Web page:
a1 University of Hawaii School of Medicine and University of California, USA, and Mitsubishi Kasei Insitutie of Life Sciences, Tokyo, Japan.
The plasma membrane (oolemma) of the hamster egg retains the ability to fuse with spermatozoa even after exhaustive treatment with proteases and glycosidases. In contrast, when mouse oolemma is treated with proteases, the ability of eggs to fuse with spermatozoa is reduced. In the present study, similar treatments effective in reducing fusibility in the mouse were reexamined in the hamster. Of the several enzymes and treatments tested, only trypsin in Ca2+-free medium significantly reduced the hamster oolemma's ability to fuse with spermatozoa. This is suggestive of a cadherin-like system of binding and fusion. When hamster oolemmae were treated with the same protease regimen that reduced fusibility of mouse oolemma for mouse spermatozoa, heterologous fusion of hamster oolemmae with mouse spermatozoa was reduced, without affecting the fusion of these oolemmae with hamster spermatozoa. These data suggest that a protease-sensitive oolemma molecule is of critical importance for mouse sperm-oolemma fusion but not for hamster sperm-oolemma fusion.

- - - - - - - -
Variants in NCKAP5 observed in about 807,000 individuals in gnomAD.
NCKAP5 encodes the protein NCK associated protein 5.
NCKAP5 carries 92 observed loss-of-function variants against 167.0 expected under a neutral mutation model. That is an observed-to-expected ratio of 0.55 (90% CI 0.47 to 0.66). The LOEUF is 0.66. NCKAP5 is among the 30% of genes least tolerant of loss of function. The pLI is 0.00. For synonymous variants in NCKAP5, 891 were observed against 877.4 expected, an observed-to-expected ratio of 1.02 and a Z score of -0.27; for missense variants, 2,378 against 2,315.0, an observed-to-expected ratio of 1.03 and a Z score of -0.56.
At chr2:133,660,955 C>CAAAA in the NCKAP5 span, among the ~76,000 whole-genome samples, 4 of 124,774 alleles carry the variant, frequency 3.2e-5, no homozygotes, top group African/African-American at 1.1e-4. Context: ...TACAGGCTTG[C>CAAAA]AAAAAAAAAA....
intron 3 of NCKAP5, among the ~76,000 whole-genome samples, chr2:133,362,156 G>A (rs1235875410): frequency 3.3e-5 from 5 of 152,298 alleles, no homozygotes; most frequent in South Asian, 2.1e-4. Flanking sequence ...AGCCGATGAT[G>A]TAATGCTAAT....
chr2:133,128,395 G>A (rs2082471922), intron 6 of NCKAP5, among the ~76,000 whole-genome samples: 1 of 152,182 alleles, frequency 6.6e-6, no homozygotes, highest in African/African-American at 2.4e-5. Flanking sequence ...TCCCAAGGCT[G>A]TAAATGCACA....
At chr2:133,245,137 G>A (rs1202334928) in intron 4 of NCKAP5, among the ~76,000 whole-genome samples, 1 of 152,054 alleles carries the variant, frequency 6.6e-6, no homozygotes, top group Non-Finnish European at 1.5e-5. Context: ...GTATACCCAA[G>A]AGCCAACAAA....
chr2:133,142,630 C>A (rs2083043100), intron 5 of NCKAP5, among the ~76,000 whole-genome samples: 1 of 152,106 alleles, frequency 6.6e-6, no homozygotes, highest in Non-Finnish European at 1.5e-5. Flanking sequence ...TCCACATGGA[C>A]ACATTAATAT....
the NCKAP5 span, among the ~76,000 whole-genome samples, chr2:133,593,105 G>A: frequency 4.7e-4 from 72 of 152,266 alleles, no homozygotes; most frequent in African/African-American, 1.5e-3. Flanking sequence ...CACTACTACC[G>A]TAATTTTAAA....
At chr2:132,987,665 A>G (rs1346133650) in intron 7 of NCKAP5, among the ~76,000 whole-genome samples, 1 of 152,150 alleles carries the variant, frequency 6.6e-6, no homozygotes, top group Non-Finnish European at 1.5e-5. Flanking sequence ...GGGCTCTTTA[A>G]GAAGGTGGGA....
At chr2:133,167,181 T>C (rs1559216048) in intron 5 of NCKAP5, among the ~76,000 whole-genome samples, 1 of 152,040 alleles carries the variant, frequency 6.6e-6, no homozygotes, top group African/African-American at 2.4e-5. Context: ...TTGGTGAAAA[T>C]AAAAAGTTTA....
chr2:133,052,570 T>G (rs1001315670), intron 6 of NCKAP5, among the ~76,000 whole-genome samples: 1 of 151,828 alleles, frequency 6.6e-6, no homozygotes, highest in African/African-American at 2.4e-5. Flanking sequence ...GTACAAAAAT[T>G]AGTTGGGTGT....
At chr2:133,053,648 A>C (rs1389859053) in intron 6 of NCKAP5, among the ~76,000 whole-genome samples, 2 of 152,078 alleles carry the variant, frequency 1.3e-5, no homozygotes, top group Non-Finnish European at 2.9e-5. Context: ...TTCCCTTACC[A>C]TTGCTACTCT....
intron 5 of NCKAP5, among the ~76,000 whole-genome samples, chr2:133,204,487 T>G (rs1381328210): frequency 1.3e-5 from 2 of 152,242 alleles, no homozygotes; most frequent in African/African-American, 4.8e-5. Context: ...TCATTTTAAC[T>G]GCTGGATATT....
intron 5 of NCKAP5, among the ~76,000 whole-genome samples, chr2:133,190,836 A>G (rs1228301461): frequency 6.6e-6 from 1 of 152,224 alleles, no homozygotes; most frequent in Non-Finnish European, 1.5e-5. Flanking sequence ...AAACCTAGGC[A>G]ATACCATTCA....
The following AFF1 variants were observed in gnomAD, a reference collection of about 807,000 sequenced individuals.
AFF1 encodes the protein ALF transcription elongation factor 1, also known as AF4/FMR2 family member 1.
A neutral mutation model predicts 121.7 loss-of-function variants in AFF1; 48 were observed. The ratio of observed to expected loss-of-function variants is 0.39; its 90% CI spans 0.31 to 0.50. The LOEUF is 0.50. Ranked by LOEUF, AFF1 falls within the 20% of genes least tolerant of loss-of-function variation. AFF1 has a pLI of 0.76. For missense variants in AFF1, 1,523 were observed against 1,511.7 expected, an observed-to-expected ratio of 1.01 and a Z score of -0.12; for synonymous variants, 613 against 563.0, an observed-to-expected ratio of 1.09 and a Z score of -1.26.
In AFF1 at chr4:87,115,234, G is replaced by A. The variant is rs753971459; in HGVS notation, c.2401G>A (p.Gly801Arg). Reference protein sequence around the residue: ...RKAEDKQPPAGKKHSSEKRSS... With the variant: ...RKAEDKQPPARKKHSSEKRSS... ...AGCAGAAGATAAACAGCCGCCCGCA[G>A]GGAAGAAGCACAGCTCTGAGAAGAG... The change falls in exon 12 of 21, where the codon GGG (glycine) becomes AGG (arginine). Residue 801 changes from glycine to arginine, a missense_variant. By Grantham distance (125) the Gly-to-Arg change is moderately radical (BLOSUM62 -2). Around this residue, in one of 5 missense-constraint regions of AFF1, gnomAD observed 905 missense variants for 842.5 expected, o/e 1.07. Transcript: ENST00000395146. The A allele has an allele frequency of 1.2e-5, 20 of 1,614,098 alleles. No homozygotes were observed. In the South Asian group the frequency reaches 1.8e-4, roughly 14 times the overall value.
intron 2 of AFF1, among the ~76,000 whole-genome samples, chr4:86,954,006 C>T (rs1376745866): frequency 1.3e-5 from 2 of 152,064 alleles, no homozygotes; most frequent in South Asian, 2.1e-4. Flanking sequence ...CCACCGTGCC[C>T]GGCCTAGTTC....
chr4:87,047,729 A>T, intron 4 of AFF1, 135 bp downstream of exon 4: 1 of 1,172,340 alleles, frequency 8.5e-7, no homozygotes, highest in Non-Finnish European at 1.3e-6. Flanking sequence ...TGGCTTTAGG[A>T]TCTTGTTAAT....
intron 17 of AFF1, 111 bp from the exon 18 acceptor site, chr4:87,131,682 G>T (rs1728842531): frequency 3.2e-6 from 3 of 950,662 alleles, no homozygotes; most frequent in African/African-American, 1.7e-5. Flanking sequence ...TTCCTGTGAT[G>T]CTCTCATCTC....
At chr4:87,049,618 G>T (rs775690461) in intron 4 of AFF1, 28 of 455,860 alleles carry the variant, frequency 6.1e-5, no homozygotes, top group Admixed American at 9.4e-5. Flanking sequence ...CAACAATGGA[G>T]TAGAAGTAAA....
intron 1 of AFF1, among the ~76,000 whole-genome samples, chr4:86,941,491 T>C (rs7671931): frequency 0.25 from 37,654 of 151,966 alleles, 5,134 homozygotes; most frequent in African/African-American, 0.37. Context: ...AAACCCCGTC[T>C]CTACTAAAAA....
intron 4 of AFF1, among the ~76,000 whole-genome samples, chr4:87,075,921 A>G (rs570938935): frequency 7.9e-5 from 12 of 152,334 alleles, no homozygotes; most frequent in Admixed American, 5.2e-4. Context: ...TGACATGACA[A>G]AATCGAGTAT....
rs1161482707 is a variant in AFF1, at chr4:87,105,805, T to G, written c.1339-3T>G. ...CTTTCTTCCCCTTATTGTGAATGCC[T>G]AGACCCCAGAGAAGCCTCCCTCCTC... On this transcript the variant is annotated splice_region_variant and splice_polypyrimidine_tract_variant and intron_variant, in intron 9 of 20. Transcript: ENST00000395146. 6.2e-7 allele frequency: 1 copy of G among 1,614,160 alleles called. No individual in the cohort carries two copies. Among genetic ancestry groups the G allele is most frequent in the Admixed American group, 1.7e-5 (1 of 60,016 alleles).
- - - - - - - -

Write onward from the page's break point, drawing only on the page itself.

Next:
c1 R. Yanagimachi, Department of Anatomy and Reproductive Biology, University of Haxaii School of Medicine, Honolulu, Hawaii 96822, USA.
1 Department of Anatomy and Reproductive Biology, University of Hawaii School of Medicine, Honolulu, Hawaii, USA.
2 Department of Biochemistry and Biophysics, University of California, Davis, CA 95616, USA.
3 Laboratory of Glycoconjugate Research, Mitsubishi Kasei Institute of Life Sciences, Machida, Tokyo, Japan.